Dekoda Watson is one of the most impressive physical specimens inside the gates of One Buc Place. But looking the part and actually performing are two different things. The former Nole is excited to take the next step in whatever capacity head coach Greg Schiano asks of him and thinks 2012 will be an impact season.
Buccaneers outside linebacker Dekoda Watson is a physical specimen. One would be hard pressed to find many with the athletic skills and physique that can match Watson anywhere inside Tampa Bay’s locker room. So why hasn’t the ability and physical skills translated to on-field success?
Several factors could be the cause – some Watson controls and others he doesn’t.
First, the contract of current starting strongside linebacker Quincy Black certainly may play a part. With Black signing a five-year, $29-million contract prior to the 2010 season (with the first two years guaranteed), the Buccaneers are giving Black every opportunity to earn that money on the field as opposed to standing on the sidelines.
Secondly, sources have told PewterReport.com that Watson just hasn’t developed into a three-down linebacker, struggling in pass coverage at times and limited to being a one-dimensional situational pass-rusher as a result.
Lastly, sources also told PewterReport.com that at times last season Watson struggled with maturity to a degree and frustrated his coaches by getting down when things didn’t go as well as Watson liked.
This season, however, signs are pointing to Watson finally perhaps becoming an impact player for Tampa Bay – even if it happens in small doses.
“I feel like right now—I tell myself 10 plays,” Watson said. “If I get 10 sacks I feel like that’s more than enough for the team. At the same time I feel like it is going to be a lot more to come. 10 big plays. That’s 10 plays that I need, but it's other things that comes with it. Of course with the tackling, maybe an interception, you never know.
“At the same time I am not going to minimize myself just because I am not a starting linebacker right now or anything like that. I am going to play hard wherever I go [whether it is] special teams, defensive end, strong side linebacker it doesn’t matter.”
While 10 sacks – or 10 big plays – are goals Watson is striving for, he knows there is still much to learn in the new Bill Sheridan defense.
“I can’t necessarily say that I am comfortable (in the new defense),” Watson said. “I am never going to be comfortable in this. My mindset that I always have is if you get comfortable you start to get comfortable (in your goals). You get what I am trying to say? I am trying to stay on my ground. Just make sure that I get familiar with the defense and continue to stay on the ball at all times.”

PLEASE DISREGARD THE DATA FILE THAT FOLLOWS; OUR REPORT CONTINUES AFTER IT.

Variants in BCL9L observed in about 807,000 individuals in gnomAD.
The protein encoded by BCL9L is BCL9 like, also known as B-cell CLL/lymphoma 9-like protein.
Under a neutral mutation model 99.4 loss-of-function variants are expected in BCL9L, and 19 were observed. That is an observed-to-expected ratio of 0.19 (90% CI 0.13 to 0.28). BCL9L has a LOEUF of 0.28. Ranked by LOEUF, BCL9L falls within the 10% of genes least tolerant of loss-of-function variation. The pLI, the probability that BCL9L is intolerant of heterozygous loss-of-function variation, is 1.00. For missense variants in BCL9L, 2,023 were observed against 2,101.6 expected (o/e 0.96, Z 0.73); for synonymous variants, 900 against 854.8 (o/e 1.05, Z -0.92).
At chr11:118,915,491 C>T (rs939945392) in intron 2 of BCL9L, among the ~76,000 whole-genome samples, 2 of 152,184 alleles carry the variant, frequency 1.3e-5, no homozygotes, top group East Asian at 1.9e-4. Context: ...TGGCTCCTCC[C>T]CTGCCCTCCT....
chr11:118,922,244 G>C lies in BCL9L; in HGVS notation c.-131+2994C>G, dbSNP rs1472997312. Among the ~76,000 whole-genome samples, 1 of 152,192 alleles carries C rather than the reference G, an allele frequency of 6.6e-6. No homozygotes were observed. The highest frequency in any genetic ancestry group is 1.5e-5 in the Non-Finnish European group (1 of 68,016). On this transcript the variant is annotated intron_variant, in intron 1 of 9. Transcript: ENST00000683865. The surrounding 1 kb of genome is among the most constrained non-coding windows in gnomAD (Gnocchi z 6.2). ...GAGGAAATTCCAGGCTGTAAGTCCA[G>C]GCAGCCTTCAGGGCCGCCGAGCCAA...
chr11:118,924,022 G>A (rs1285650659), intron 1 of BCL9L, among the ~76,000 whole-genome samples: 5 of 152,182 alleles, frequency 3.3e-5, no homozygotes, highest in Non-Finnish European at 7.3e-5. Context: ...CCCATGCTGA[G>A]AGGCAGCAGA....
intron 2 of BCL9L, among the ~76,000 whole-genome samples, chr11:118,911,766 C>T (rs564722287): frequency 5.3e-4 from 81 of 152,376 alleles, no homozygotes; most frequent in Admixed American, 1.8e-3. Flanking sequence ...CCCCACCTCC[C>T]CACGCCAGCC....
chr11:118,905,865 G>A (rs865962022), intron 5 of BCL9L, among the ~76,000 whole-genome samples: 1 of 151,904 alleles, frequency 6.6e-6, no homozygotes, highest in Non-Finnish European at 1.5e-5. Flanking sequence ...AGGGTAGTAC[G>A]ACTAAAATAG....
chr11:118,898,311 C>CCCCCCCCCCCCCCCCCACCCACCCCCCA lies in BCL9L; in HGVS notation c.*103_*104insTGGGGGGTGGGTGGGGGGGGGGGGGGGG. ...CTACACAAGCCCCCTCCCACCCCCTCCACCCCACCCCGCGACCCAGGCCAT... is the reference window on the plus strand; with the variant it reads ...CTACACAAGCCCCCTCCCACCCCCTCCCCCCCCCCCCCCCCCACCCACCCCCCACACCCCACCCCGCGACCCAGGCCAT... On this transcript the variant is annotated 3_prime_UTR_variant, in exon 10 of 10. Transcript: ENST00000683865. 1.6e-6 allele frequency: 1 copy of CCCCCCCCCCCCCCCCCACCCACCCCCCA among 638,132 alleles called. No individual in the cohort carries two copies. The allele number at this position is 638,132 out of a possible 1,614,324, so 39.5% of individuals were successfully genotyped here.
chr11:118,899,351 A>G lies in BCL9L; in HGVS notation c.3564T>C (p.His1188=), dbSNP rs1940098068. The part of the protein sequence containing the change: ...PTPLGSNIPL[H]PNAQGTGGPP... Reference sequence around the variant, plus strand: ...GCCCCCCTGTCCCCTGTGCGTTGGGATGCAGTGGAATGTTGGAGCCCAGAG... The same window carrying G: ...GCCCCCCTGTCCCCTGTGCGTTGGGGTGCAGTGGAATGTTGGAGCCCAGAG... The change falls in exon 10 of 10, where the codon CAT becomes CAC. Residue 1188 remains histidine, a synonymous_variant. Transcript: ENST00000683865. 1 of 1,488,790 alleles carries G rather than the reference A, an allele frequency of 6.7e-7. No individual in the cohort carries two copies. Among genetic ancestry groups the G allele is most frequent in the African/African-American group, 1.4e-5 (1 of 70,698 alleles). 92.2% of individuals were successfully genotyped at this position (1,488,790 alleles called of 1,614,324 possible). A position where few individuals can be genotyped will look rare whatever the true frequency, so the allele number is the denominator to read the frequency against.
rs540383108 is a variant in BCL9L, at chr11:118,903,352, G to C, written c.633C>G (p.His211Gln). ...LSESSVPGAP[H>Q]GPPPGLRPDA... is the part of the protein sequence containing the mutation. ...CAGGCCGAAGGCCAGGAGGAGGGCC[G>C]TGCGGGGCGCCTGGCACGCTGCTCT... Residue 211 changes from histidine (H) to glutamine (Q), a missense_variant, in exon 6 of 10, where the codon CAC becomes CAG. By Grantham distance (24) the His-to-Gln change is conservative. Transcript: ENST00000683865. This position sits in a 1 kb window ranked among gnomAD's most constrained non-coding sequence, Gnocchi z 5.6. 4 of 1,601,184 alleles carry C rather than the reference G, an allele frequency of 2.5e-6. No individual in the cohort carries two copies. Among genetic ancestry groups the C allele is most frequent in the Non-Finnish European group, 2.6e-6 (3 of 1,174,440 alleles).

Head coach Greg Schiano has been pleased with what he has seen from the former FSU star.
“I think he’s been (making a case for more playing time) since the beginning,” Schiano said. “He’s been playing in our first rush group, so he’s continuing to make that case that he should be there, justifying the case is really what it would be. I mean, he looked great in one on ones and he ripped it up. That’s good.”
Being a seventh-round draft pick in 2010 has been a source of motivation ever since Watson entered the league, and he uses it daily in an effort to get better.
“Every day,” Watson said. “Every day. To this day I still write down on things 217, 217, 217. That’s the number that I got picked and I take that very personal. But at the same I am not mad at anybody. I am just going to show everybody that I am worth more than that. [I] am worth more than 217. It has always been a fight. I would rather be the underdog than just live by name. I am not saying anybody out here is, but I know for my personal value, I would rather work for mine.”
Assistant coach Bryan Cox has taken on a similar role that former Viking great Keith Millard held last season, being in charge of improving the Buccaneers anemic pass rush (just 23 sacks in 2011). Watson, who was just 13 when Cox retired, smiled when asked about his first time meeting Cox.
“I didn’t know who he was when he first walked in,” Watson said. “I didn’t really care for him because I was like, ‘who is this guy trying to tell me what to do’? Probably didn’t play a down of football in his life. [I] looked him up (online) and, uh slap in the face!
“So I really respect him. I respect what he is teaching me. I respect him because he knows what we are coming from. What we are going through and everything. He has really helped all of us out, speaking especially for the linebackers through this camp.”
The Aiken, South Carolina native knows that despite some success in training camp and the preseason, it won’t matter unless it translates to the field when the regular season starts.
“Personally I just look at it like this – we are still in camp,” Watson said. “We are still trying to get better. I mean none of these numbers count. The sack that was made or the things that we did these past two previous games it means nothing right now. Everything matters when we play the Panthers. Right now we are just trying to make ourselves better. Take it one day at a time and then we will go from there.”
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